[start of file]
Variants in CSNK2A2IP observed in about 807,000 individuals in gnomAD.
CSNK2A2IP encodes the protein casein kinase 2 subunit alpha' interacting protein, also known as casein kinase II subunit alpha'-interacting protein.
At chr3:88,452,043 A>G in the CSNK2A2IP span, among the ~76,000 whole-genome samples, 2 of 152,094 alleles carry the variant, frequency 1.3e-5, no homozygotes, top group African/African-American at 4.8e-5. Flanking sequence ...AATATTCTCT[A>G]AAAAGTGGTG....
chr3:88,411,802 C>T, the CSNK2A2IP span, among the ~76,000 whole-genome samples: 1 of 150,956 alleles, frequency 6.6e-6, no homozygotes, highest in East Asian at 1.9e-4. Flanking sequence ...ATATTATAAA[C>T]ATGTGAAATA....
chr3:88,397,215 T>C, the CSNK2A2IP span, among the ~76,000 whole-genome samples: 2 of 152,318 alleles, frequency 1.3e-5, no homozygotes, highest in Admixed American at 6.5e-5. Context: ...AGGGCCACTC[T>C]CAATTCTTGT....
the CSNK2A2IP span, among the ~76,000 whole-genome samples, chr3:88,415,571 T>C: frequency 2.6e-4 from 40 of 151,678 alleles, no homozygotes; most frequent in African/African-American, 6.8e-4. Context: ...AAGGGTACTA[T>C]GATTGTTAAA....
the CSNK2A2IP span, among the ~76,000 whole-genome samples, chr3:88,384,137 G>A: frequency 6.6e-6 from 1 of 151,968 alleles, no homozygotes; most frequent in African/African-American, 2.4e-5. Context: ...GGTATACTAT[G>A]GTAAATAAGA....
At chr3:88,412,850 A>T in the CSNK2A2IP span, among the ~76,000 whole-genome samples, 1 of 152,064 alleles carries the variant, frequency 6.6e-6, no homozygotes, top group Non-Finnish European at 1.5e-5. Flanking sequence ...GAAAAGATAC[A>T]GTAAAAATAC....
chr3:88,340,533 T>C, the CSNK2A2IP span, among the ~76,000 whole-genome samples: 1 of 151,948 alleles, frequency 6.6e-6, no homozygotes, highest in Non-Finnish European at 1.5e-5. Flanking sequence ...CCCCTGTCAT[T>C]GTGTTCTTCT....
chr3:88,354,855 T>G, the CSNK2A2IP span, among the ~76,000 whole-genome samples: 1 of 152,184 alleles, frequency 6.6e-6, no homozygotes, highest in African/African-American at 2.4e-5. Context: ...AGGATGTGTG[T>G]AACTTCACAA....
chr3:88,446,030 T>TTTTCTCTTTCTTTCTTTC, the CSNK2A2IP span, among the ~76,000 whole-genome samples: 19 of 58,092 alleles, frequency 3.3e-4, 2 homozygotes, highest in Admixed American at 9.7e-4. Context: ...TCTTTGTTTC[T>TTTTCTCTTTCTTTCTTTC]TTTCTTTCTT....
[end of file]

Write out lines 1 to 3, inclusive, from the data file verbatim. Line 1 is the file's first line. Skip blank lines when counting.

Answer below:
Variants in CSNK2A2IP observed in about 807,000 individuals in gnomAD.
CSNK2A2IP encodes the protein casein kinase 2 subunit alpha' interacting protein, also known as casein kinase II subunit alpha'-interacting protein.
At chr3:88,452,043 A>G in the CSNK2A2IP span, among the ~76,000 whole-genome samples, 2 of 152,094 alleles carry the variant, frequency 1.3e-5, no homozygotes, top group African/African-American at 4.8e-5. Flanking sequence ...AATATTCTCT[A>G]AAAAGTGGTG....